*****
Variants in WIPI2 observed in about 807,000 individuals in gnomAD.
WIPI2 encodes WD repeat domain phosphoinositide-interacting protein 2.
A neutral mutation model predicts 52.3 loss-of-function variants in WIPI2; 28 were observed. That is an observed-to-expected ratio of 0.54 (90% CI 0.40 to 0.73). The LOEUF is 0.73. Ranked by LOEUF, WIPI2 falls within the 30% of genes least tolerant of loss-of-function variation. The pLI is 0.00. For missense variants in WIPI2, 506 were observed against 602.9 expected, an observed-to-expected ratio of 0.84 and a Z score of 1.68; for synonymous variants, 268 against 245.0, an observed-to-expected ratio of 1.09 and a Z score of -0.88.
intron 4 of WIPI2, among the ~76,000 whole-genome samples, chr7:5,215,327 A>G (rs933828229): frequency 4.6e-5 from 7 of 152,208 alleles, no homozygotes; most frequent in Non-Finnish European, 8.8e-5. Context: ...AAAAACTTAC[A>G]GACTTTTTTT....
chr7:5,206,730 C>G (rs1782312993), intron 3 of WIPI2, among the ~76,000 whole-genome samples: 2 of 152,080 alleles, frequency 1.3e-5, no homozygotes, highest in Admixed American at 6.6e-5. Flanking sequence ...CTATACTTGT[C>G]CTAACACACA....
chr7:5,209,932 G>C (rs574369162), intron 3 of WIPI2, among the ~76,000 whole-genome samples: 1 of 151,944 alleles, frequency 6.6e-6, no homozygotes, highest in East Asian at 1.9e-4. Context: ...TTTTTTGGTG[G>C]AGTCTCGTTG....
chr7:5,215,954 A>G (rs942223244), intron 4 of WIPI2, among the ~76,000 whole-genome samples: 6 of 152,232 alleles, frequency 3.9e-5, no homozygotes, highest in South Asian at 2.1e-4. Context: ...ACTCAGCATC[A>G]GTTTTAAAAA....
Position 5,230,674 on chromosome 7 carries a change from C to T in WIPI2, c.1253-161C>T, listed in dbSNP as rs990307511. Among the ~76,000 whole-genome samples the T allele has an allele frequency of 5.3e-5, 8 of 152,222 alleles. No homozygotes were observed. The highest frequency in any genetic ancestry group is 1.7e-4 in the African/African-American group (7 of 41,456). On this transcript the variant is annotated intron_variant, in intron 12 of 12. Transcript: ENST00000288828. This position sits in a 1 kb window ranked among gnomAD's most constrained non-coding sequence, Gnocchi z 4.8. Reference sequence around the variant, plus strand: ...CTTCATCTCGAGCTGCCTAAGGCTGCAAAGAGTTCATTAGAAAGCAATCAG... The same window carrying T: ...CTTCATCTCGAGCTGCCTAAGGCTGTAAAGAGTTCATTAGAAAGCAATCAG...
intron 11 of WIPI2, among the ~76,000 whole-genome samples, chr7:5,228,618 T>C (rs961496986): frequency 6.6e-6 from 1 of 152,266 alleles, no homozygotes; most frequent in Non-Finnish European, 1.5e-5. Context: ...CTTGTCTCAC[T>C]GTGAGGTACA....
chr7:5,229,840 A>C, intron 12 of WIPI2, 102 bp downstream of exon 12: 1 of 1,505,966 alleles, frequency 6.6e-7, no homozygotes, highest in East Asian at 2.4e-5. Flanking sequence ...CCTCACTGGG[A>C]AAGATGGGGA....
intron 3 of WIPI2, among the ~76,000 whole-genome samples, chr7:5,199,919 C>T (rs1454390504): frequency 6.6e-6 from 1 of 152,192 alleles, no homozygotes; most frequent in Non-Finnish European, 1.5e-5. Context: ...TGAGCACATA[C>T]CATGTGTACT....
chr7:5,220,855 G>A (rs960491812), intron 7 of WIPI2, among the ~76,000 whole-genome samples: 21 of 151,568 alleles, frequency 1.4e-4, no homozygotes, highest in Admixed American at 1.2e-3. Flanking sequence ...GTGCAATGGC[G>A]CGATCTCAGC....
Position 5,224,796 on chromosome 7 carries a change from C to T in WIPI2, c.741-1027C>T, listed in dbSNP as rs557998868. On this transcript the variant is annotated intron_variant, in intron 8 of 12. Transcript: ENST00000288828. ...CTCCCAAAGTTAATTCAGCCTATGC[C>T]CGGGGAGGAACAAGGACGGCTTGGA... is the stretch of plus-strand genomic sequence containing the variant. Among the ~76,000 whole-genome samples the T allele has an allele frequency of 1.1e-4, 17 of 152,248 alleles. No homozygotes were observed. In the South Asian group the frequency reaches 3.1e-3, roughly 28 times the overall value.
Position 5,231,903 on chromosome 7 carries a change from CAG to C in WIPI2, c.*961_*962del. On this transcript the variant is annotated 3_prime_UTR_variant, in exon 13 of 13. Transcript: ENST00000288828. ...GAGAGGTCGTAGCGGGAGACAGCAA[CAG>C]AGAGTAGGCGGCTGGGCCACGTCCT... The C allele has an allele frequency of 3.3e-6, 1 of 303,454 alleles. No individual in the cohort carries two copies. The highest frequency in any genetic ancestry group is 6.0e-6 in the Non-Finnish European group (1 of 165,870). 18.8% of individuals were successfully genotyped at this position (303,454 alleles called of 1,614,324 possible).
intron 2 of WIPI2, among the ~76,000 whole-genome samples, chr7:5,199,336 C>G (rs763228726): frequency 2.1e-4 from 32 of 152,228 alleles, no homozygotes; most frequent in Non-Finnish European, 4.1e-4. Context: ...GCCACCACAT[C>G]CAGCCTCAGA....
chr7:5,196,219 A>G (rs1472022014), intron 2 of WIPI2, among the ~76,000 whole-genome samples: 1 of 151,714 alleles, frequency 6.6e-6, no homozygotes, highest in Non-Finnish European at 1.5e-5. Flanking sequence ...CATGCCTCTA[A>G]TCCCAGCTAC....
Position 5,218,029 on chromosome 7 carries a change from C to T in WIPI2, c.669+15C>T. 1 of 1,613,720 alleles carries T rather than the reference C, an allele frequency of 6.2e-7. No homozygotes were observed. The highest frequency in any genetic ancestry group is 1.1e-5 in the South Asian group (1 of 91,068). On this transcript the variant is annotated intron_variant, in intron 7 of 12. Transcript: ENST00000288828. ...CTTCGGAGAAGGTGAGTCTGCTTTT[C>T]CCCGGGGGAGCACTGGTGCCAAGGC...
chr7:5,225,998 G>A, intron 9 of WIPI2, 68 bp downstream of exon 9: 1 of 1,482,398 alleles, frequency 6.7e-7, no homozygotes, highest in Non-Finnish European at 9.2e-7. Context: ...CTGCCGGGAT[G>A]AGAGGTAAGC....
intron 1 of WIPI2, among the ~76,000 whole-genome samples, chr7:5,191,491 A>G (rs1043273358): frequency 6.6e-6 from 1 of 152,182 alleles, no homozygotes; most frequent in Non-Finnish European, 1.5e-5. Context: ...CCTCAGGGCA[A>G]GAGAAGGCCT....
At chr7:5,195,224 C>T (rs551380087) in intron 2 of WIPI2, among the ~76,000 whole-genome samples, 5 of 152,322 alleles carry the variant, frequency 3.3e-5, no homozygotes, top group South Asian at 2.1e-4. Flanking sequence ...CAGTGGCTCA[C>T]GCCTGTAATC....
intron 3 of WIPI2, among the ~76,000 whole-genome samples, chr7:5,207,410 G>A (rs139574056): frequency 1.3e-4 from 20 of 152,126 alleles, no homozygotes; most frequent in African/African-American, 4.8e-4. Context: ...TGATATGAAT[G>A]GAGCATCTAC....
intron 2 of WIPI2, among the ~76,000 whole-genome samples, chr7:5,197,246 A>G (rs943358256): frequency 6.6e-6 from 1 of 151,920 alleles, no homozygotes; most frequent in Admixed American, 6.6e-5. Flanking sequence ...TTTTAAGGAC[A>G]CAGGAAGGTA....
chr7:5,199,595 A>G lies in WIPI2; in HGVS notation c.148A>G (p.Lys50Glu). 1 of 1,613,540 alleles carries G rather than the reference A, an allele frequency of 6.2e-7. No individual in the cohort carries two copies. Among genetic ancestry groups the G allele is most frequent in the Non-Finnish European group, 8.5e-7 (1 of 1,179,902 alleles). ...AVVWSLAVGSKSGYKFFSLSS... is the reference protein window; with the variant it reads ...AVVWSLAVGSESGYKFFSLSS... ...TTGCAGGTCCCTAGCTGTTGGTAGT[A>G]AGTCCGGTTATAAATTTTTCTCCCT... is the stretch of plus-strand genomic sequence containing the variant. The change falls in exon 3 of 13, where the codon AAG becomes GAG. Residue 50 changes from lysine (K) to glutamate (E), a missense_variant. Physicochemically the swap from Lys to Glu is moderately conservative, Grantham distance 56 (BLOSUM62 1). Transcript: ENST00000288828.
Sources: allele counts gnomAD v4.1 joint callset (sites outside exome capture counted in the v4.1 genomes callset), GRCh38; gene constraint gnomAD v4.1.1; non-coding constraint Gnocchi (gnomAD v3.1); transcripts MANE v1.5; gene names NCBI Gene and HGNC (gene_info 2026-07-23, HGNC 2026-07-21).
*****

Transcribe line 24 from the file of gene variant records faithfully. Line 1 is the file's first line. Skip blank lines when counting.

Sources: allele counts gnomAD v4.1 joint callset (sites outside exome capture counted in the v4.1 genomes callset), GRCh38; gene constraint gnomAD v4.1.1; non-coding constraint Gnocchi (gnomAD v3.1); transcripts MANE v1.5; gene names NCBI Gene and HGNC (gene_info 2026-07-23, HGNC 2026-07-21).